THE DINNER: While I was in a sea kayak somewhere in the pacific ocean, mom was cooking up an island dish of her own! She took some cooking to the island of Sao Tome and Principe (the second smallest African country/island after the Seychelles). The island nation was originally settled by the Portugese and thus was home to a lucrative plantation economy heavily dependent on slavery from the next door main land. It’s proximity to the equator maens that it’s native rich volcanic soil brings all that good sugar, cocoa and COFFEE. And all the Lord’s people said, AMEN.

As one might guess, since it’s an island, they eat mainly chicken and seafood. Their main source of carb is maize and rice like many African nations of the same. Coffee is used as spice here… so let’s get another amen for that, people. They know how to roll there, I suppose.



Ease of prep and cooking: 1.5 STARS out of 5 STARS for this meal!
Simplicity is the name of the game as it’s been for all the African countries we have had so far! Just some chopping and sauteing. Apart from that, no metric conversions or translations and there were no specialty ingredients!

Best dish of all time scale: 4.5 STARS out of 5 for this meal!! 
L & A loved this hearty and healthy stew (shhh, don’t tell my dad!). We took a little liberty with the fresh herb choice and went with basil from my mom’s garden, because when in doubt, we always choose basil. Tomato and chicken paired together well, as the acidity helps soften the meat. The reviews stated “it was perfect, light and delicious”.

Alrighty folks! We have 12 countries to go! I know, right?! ONLY 12 left!? We are hitting a double header with Papua New Guinea for #183!! 

 Well done sneaking in at the last minute this weekend Broncos!! 
– L & K

#181: Kyrgyzstan

The lyrics to “forever and for always” have been on repeat in my head since the Shania Twain concert on Friday night. The smell of campfire still seems to be in my hair even after 4 washes. It was a wonderful weekend of friends, wilderness and WeldWerks. Back in town, L & A took after painting the ol’ Brovsky homestead and boy, does she look like a beaut, guys. It’s all fun and games till we had to all go back to adulting on Monday morning.

And despite my hives still in full swing and work being insanely busy, I’m still in awe at how it’s already August. Fun things coming up? Well, moving trucks are honking as Ned and I are starting the search for a place. Soccer season is nearly upon us and Kim and I are going to rock some U10 girl’s coaching escapades. There’s some more BBQing, vacations and patio time in store for the remainder of the dog days, so don’t worry, Colorado, we aren’t done yet— but thank you for the cooler temperatures!

THE DINNER: This was more of a dessert– but if i were a betting woman, I’d venture that it might have served as dinner for two hungry and paint weary Brovskys… just taking a stab at it. This week’s country was a solo mission for L as we took a dessert break in the desert for Kyrgyzstan. I have to get a running start at spelling that monster, by the way. The dish was basically apple cake. It’s a semi-nomadic lifestyle these people adhere to, which you know I can totally dig on. They have simple requirements for food, and this one is no exception. It’s thought that this recipe or some variant on the recipe is thousands of years old.

Kyrgyzstan Apple Cake Recipe: https://www.internationalcuisine.com/kyrgyzstan-apple-cake/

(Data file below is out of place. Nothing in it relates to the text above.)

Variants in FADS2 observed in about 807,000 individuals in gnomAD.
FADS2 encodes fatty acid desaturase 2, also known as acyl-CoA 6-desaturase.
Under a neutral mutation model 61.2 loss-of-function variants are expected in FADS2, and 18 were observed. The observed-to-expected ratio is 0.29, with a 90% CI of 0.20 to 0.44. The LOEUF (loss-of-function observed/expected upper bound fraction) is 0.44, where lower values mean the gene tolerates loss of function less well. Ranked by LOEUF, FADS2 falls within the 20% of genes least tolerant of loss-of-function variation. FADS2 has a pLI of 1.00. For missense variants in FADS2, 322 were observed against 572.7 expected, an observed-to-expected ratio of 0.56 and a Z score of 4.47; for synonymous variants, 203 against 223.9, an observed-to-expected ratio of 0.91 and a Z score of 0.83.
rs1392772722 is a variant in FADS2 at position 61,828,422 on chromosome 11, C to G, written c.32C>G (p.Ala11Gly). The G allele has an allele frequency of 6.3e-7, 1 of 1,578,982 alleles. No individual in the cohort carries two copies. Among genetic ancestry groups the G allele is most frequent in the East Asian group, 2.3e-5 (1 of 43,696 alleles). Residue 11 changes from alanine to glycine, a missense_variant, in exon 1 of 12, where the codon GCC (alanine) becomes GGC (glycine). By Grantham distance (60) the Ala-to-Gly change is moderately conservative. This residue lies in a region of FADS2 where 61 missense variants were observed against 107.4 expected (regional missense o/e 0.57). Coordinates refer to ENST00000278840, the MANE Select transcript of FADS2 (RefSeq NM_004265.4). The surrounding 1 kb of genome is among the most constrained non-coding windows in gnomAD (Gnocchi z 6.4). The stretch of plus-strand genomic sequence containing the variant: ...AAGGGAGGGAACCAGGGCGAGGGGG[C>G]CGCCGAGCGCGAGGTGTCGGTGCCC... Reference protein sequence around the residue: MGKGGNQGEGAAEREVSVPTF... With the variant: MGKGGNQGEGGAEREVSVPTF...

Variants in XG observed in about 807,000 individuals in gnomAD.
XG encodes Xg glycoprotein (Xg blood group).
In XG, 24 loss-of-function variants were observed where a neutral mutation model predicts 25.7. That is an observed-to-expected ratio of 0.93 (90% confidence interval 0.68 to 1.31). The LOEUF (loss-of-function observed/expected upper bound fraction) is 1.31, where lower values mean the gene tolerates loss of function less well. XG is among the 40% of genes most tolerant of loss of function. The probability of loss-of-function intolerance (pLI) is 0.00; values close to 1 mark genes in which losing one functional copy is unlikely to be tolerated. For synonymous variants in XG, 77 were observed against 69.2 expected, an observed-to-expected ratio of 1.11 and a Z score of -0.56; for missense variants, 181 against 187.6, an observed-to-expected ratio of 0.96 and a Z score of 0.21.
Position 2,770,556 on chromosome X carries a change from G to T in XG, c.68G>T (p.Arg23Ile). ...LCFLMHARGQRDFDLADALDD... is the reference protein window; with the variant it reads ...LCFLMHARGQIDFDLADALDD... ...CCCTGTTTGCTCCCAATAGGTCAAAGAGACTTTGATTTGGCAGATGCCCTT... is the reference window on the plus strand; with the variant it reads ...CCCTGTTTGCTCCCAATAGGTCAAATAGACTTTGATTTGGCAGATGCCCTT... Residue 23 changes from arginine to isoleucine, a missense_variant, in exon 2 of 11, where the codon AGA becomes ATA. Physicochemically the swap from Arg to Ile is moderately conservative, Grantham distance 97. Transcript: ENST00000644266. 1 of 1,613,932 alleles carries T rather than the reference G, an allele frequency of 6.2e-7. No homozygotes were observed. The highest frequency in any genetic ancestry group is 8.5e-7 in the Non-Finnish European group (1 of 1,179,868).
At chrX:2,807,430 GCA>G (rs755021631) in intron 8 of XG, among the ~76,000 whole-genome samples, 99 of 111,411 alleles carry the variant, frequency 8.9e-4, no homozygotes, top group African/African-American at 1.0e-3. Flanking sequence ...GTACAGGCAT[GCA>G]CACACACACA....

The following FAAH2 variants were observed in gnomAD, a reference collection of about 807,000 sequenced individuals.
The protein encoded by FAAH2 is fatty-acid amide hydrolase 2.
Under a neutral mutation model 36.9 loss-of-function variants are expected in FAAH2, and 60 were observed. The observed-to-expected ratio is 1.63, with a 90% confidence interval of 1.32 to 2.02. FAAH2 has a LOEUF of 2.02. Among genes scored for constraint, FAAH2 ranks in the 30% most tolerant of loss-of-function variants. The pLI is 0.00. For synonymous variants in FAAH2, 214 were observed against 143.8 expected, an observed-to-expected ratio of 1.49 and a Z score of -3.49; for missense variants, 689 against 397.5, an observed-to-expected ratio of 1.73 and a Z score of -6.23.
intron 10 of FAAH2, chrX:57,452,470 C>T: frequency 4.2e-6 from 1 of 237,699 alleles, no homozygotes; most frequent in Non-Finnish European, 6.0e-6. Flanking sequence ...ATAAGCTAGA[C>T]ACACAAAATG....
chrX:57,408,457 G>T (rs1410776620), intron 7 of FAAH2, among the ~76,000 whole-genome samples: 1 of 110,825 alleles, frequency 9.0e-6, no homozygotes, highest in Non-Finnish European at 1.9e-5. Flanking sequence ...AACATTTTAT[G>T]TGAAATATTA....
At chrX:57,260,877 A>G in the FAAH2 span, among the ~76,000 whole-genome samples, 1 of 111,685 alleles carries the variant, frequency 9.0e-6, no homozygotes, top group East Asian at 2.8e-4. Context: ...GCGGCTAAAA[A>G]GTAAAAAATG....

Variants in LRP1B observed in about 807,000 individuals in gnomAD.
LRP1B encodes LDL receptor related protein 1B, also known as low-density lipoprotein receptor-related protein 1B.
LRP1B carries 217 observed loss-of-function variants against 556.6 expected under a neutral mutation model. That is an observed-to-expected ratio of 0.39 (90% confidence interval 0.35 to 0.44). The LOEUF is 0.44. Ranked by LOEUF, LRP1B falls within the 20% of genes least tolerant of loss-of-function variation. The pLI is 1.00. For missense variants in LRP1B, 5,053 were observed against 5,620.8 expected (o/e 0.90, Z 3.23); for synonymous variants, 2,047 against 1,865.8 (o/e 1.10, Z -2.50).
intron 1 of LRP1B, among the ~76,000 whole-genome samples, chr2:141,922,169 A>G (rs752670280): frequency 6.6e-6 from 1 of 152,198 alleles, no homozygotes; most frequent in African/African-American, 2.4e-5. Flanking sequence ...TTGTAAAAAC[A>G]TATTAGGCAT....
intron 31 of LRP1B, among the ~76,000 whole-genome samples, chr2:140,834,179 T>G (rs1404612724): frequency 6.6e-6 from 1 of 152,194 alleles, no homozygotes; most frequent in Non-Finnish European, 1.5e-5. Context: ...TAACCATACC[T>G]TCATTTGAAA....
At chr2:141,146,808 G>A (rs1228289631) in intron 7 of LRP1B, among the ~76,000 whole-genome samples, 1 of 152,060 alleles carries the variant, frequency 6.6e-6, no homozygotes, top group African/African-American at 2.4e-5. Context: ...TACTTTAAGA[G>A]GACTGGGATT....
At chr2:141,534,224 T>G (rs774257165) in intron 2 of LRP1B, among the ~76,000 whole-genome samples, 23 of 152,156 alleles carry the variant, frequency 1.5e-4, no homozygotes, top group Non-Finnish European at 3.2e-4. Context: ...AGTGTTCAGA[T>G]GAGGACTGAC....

Ease of prep and cooking: 1 STARS out of 5 STARS for this meal!
I warned you in the intro this week that these were simple humans. There were a handful of ingredients. They were easy to find and not a problem to prep. There were no conversions or translations making sure this one clocked in at a 1 star for trickiness. Feel free to do some handstands to spice up the challenge level if you’re so inclined. We don’t want you to get complacent.

Best dish of all time scale: 4 STARS out of 5 for this meal!! 
With the 5 ingredient fix that occurred, one might be tempted to think that there’s no way this one could be yummy/flavorful/amazing and that person would be wrong. I would think that the fluffy, cloud of sweetness that these apples were suspended in was due to the eggs. The cake wasn’t overly saccharine nor was it un-dessert-like. It was satisfying and unlike anything we have had in terms of apple cake before. Well worth the one star effort to make this one, ladies and gents.

We will be off to South African nation of Sao Tome and Principe for #182 next weekend and it’s going to hit all the bases we typically don’t associate with “African” food (read: island food and sea locked countries). We are excited to be heading into football season shortly here in the 5280. FOOTBALL IS COMING (a la Game of Throne. you’re welcome).

 Keeping you, forever and for always! ❤ 
– L & K


#180: Antigua and Barbuda

France won!!

I think this is where we talk about redemption and all that after that piss poor showing in the 1999 cup, but really all I want to talk about is that instant replay situation that cost Croatia a PK and subsequently made world soccer history. The fact that a hand ball was called using technology was BONKERS. Apart from that, it didn’t dictate the outcome of the match, but it did effect the momentum and morale. If not for an owned goal and that PK, it would have been a tied match. The use of instant replay to change on field calls is something that shouldn’t be allowed to infiltrate soccer…. I wouldn’t hate reviewing goals, but not plays or handballs like they did this Sunday in Russia. No complaints here, I thought it was interesting soccer and good viewing. Just something a little strange that added to an otherwise high scoring match. I gotta say, those goals were all stunning. Little heart shaped eye emoji to my guy Ned for making breakfast and watching me yell for 90 minutes.

THE DINNER: We went to Antigua and Barbuda for some island cooking this weekend. It was a rainy Sunday, so soup was on the menu! This one is called “Pepperpot Soup” and it’s peppery and veggie packed. The islands are known for soups like this that are similar to South Pacific hotpot. The ingredients are typically local and this one features some sweet potatoes!